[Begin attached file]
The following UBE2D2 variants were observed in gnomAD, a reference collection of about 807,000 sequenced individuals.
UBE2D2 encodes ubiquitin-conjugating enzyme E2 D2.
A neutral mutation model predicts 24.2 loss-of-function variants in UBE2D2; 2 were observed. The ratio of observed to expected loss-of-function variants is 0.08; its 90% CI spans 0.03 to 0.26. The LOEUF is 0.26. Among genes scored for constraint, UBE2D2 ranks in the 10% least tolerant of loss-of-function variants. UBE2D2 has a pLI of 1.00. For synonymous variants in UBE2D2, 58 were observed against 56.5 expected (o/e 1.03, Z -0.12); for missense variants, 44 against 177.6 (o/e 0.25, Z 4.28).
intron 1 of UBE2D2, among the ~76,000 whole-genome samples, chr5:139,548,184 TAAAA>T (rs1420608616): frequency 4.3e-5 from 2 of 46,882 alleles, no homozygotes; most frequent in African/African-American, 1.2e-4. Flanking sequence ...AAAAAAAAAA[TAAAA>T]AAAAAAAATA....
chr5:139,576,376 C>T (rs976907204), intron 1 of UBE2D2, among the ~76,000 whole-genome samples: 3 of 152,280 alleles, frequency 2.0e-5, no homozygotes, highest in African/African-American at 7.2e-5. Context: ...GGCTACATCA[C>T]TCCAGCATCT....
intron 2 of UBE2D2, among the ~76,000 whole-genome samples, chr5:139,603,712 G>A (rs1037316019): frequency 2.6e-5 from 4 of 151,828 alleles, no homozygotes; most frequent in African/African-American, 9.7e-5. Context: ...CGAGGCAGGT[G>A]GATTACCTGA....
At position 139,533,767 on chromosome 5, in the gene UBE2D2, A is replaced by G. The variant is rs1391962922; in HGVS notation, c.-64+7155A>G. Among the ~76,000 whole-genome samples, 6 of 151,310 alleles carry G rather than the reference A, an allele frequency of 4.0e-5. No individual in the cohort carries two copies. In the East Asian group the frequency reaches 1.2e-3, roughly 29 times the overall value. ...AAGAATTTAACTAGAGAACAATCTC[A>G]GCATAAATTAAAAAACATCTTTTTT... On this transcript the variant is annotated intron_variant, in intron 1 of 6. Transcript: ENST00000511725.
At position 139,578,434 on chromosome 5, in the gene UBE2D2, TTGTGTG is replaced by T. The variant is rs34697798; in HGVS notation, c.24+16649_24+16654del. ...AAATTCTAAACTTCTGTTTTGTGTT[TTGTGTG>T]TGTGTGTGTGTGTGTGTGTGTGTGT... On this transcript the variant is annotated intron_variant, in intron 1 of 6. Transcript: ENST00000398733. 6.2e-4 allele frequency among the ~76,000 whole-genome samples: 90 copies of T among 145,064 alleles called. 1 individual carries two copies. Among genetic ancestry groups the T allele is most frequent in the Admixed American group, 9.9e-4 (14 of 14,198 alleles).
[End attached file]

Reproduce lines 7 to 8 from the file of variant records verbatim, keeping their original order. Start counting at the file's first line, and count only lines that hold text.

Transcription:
At position 139,533,767 on chromosome 5, in the gene UBE2D2, A is replaced by G. The variant is rs1391962922; in HGVS notation, c.-64+7155A>G. Among the ~76,000 whole-genome samples, 6 of 151,310 alleles carry G rather than the reference A, an allele frequency of 4.0e-5. No individual in the cohort carries two copies. In the East Asian group the frequency reaches 1.2e-3, roughly 29 times the overall value. ...AAGAATTTAACTAGAGAACAATCTC[A>G]GCATAAATTAAAAAACATCTTTTTT... On this transcript the variant is annotated intron_variant, in intron 1 of 6. Transcript: ENST00000511725.
At position 139,578,434 on chromosome 5, in the gene UBE2D2, TTGTGTG is replaced by T. The variant is rs34697798; in HGVS notation, c.24+16649_24+16654del. ...AAATTCTAAACTTCTGTTTTGTGTT[TTGTGTG>T]TGTGTGTGTGTGTGTGTGTGTGTGT... On this transcript the variant is annotated intron_variant, in intron 1 of 6. Transcript: ENST00000398733. 6.2e-4 allele frequency among the ~76,000 whole-genome samples: 90 copies of T among 145,064 alleles called. 1 individual carries two copies. Among genetic ancestry groups the T allele is most frequent in the Admixed American group, 9.9e-4 (14 of 14,198 alleles).